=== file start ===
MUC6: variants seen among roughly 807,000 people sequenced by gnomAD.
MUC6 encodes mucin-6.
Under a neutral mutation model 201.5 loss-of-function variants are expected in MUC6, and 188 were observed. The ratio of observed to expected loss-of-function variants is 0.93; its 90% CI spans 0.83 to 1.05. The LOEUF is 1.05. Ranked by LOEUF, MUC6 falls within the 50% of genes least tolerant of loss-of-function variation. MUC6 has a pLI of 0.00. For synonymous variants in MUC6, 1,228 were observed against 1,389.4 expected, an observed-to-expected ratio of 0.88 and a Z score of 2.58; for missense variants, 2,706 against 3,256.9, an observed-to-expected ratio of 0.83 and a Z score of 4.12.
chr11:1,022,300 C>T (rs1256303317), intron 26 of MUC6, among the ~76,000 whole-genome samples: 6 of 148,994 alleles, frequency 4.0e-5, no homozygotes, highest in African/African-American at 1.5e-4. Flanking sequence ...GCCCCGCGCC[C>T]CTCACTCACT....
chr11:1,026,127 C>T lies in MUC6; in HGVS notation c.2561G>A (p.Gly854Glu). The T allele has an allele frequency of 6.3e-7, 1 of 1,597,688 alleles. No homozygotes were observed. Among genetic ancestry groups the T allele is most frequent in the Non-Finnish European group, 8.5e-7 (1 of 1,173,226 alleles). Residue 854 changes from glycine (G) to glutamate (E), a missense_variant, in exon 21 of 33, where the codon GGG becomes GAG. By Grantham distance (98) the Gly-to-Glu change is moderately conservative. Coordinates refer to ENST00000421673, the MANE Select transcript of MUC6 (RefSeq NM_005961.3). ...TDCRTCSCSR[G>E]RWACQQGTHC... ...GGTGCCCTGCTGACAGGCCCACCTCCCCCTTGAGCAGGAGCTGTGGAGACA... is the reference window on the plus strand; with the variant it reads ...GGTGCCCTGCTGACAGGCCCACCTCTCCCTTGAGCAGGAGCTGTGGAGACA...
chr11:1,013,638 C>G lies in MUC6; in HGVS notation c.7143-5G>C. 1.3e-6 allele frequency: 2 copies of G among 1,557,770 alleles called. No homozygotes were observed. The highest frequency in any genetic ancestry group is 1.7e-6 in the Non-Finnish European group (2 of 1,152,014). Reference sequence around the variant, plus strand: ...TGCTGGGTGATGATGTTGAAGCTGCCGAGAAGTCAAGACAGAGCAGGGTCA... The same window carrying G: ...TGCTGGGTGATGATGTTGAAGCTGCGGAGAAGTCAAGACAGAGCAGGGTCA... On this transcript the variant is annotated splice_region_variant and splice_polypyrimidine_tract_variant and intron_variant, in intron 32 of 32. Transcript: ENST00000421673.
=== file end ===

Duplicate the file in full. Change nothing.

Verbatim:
MUC6: variants seen among roughly 807,000 people sequenced by gnomAD.
MUC6 encodes mucin-6.
Under a neutral mutation model 201.5 loss-of-function variants are expected in MUC6, and 188 were observed. The ratio of observed to expected loss-of-function variants is 0.93; its 90% CI spans 0.83 to 1.05. The LOEUF is 1.05. Ranked by LOEUF, MUC6 falls within the 50% of genes least tolerant of loss-of-function variation. MUC6 has a pLI of 0.00. For synonymous variants in MUC6, 1,228 were observed against 1,389.4 expected, an observed-to-expected ratio of 0.88 and a Z score of 2.58; for missense variants, 2,706 against 3,256.9, an observed-to-expected ratio of 0.83 and a Z score of 4.12.
chr11:1,022,300 C>T (rs1256303317), intron 26 of MUC6, among the ~76,000 whole-genome samples: 6 of 148,994 alleles, frequency 4.0e-5, no homozygotes, highest in African/African-American at 1.5e-4. Flanking sequence ...GCCCCGCGCC[C>T]CTCACTCACT....
chr11:1,026,127 C>T lies in MUC6; in HGVS notation c.2561G>A (p.Gly854Glu). The T allele has an allele frequency of 6.3e-7, 1 of 1,597,688 alleles. No homozygotes were observed. Among genetic ancestry groups the T allele is most frequent in the Non-Finnish European group, 8.5e-7 (1 of 1,173,226 alleles). Residue 854 changes from glycine (G) to glutamate (E), a missense_variant, in exon 21 of 33, where the codon GGG becomes GAG. By Grantham distance (98) the Gly-to-Glu change is moderately conservative. Coordinates refer to ENST00000421673, the MANE Select transcript of MUC6 (RefSeq NM_005961.3). ...TDCRTCSCSR[G>E]RWACQQGTHC... ...GGTGCCCTGCTGACAGGCCCACCTCCCCCTTGAGCAGGAGCTGTGGAGACA... is the reference window on the plus strand; with the variant it reads ...GGTGCCCTGCTGACAGGCCCACCTCTCCCTTGAGCAGGAGCTGTGGAGACA...
chr11:1,013,638 C>G lies in MUC6; in HGVS notation c.7143-5G>C. 1.3e-6 allele frequency: 2 copies of G among 1,557,770 alleles called. No homozygotes were observed. The highest frequency in any genetic ancestry group is 1.7e-6 in the Non-Finnish European group (2 of 1,152,014). Reference sequence around the variant, plus strand: ...TGCTGGGTGATGATGTTGAAGCTGCCGAGAAGTCAAGACAGAGCAGGGTCA... The same window carrying G: ...TGCTGGGTGATGATGTTGAAGCTGCGGAGAAGTCAAGACAGAGCAGGGTCA... On this transcript the variant is annotated splice_region_variant and splice_polypyrimidine_tract_variant and intron_variant, in intron 32 of 32. Transcript: ENST00000421673.